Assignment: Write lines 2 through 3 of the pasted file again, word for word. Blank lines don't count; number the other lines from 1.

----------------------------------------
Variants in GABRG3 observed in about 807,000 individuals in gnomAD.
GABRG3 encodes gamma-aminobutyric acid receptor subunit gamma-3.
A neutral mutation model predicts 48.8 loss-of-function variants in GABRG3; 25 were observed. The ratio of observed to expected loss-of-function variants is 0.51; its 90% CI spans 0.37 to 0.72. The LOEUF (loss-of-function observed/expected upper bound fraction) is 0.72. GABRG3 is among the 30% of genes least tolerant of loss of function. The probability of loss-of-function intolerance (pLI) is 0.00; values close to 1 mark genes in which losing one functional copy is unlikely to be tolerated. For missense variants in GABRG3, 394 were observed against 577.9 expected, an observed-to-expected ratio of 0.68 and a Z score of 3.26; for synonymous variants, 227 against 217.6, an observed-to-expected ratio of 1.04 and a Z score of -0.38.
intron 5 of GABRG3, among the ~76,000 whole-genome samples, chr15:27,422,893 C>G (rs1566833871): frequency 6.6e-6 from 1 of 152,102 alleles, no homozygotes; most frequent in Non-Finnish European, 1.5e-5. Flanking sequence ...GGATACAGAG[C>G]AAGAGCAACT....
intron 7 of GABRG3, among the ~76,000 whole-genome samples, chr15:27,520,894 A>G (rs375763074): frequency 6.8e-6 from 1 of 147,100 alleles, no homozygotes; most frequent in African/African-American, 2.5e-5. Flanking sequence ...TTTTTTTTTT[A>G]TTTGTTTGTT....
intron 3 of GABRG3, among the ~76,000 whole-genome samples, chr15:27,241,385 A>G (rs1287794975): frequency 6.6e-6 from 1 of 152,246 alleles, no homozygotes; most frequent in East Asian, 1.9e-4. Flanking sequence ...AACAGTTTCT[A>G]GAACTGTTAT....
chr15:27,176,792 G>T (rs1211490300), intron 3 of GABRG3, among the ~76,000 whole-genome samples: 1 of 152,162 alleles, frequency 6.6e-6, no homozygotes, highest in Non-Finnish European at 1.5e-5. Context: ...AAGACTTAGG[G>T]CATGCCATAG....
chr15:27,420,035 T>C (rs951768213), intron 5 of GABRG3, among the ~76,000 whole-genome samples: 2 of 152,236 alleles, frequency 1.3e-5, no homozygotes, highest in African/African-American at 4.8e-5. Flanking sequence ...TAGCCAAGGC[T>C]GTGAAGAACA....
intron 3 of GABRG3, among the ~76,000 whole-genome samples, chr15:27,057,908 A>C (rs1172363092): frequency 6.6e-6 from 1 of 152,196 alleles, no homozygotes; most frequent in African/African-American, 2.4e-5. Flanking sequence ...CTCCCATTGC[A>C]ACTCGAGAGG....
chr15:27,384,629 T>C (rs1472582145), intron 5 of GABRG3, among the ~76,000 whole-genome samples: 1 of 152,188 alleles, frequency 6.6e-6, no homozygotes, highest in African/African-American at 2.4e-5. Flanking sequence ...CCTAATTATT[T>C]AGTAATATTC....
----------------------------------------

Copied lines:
GABRG3 encodes gamma-aminobutyric acid receptor subunit gamma-3.
A neutral mutation model predicts 48.8 loss-of-function variants in GABRG3; 25 were observed. The ratio of observed to expected loss-of-function variants is 0.51; its 90% CI spans 0.37 to 0.72. The LOEUF (loss-of-function observed/expected upper bound fraction) is 0.72. GABRG3 is among the 30% of genes least tolerant of loss of function. The probability of loss-of-function intolerance (pLI) is 0.00; values close to 1 mark genes in which losing one functional copy is unlikely to be tolerated. For missense variants in GABRG3, 394 were observed against 577.9 expected, an observed-to-expected ratio of 0.68 and a Z score of 3.26; for synonymous variants, 227 against 217.6, an observed-to-expected ratio of 1.04 and a Z score of -0.38.